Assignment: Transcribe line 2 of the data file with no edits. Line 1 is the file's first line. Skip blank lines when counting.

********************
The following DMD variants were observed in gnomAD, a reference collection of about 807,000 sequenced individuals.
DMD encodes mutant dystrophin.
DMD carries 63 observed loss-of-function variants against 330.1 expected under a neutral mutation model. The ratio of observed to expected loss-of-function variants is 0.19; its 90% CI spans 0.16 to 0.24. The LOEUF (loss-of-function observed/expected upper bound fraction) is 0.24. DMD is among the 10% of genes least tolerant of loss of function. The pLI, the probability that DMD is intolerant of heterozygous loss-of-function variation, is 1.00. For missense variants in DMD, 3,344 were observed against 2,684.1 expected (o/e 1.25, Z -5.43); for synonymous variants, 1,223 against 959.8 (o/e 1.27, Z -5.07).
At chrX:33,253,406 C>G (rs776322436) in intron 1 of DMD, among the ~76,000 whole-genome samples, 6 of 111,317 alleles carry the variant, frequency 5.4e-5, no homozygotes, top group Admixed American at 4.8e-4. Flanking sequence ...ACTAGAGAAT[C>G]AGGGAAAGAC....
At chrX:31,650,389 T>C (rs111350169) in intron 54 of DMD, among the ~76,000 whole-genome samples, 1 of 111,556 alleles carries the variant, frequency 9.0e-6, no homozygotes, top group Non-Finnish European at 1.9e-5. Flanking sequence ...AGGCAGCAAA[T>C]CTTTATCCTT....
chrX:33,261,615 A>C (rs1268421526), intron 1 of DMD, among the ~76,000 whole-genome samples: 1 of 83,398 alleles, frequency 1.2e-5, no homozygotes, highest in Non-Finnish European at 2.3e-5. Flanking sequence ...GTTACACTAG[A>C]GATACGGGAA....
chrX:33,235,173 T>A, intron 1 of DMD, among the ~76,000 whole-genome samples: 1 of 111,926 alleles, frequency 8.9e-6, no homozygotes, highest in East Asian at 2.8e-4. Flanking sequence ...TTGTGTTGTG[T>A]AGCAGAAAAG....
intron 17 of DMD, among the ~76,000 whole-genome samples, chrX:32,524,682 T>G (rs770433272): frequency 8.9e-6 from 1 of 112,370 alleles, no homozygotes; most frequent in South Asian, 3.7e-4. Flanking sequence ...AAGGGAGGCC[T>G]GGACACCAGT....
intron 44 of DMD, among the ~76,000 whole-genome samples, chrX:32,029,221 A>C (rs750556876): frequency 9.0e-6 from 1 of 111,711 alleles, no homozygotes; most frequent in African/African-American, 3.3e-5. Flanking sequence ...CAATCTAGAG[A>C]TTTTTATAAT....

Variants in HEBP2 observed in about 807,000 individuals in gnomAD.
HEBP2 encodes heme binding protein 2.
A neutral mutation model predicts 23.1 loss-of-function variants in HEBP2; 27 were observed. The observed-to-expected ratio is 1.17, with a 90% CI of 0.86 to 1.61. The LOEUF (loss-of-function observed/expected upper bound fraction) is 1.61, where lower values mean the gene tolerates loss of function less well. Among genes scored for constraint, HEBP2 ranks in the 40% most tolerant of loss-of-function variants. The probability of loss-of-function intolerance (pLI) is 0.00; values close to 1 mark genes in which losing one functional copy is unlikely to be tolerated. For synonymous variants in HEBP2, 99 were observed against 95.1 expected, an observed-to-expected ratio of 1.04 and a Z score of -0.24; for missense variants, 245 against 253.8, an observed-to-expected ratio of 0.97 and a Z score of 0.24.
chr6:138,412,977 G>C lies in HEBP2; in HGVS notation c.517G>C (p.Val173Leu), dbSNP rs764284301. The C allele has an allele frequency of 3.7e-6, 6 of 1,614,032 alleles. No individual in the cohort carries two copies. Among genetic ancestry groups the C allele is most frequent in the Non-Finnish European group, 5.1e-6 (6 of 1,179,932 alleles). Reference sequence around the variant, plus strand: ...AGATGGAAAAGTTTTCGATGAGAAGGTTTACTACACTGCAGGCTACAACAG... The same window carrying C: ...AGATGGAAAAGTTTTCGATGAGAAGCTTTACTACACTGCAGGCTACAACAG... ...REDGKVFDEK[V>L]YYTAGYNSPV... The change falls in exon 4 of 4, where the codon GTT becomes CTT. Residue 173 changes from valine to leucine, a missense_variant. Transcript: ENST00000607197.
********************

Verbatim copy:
DMD encodes mutant dystrophin.